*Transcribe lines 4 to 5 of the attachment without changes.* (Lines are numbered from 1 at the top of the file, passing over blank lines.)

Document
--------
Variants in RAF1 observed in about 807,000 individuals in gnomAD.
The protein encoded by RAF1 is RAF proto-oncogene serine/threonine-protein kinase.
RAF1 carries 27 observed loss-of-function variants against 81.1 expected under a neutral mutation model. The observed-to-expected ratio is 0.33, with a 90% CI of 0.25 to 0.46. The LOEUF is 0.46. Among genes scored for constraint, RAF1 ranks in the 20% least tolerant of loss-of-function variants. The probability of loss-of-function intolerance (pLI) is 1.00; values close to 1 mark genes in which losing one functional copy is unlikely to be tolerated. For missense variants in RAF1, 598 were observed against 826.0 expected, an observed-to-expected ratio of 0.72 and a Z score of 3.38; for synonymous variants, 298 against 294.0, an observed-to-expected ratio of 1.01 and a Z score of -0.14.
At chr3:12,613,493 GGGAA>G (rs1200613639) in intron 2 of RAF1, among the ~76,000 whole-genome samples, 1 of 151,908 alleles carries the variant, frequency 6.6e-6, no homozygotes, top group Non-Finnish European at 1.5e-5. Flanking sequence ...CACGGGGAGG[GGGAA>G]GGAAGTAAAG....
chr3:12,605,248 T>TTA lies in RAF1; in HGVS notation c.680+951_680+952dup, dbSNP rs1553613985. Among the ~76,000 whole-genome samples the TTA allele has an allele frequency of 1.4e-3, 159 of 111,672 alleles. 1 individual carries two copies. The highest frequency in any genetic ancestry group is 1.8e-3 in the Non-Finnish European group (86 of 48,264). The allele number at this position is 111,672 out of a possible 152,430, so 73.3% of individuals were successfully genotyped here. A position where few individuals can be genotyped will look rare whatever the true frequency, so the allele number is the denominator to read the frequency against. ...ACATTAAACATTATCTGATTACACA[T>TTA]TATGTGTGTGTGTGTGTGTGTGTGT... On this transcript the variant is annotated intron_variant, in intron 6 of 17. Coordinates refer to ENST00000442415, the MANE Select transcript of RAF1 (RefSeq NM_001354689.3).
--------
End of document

At chr3:12,613,493 GGGAA>G (rs1200613639) in intron 2 of RAF1, among the ~76,000 whole-genome samples, 1 of 151,908 alleles carries the variant, frequency 6.6e-6, no homozygotes, top group Non-Finnish European at 1.5e-5. Flanking sequence ...CACGGGGAGG[GGGAA>G]GGAAGTAAAG....
chr3:12,605,248 T>TTA lies in RAF1; in HGVS notation c.680+951_680+952dup, dbSNP rs1553613985. Among the ~76,000 whole-genome samples the TTA allele has an allele frequency of 1.4e-3, 159 of 111,672 alleles. 1 individual carries two copies. The highest frequency in any genetic ancestry group is 1.8e-3 in the Non-Finnish European group (86 of 48,264). The allele number at this position is 111,672 out of a possible 152,430, so 73.3% of individuals were successfully genotyped here. A position where few individuals can be genotyped will look rare whatever the true frequency, so the allele number is the denominator to read the frequency against. ...ACATTAAACATTATCTGATTACACA[T>TTA]TATGTGTGTGTGTGTGTGTGTGTGT... On this transcript the variant is annotated intron_variant, in intron 6 of 17. Coordinates refer to ENST00000442415, the MANE Select transcript of RAF1 (RefSeq NM_001354689.3).